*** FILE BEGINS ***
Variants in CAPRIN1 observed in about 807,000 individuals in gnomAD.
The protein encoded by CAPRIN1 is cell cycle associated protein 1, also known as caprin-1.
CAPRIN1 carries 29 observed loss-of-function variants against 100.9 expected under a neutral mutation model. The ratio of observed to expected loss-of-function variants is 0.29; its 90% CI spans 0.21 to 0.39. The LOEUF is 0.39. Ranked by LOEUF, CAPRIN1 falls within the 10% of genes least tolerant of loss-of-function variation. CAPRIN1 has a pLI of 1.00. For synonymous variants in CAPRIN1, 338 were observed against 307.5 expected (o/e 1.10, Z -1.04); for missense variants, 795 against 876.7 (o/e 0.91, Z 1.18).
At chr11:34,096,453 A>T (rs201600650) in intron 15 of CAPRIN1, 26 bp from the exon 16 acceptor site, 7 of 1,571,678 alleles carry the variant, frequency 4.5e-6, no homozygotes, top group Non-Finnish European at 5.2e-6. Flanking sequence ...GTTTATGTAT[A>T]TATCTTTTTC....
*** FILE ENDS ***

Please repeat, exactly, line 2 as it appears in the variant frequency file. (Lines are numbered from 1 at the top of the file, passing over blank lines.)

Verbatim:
The protein encoded by CAPRIN1 is cell cycle associated protein 1, also known as caprin-1.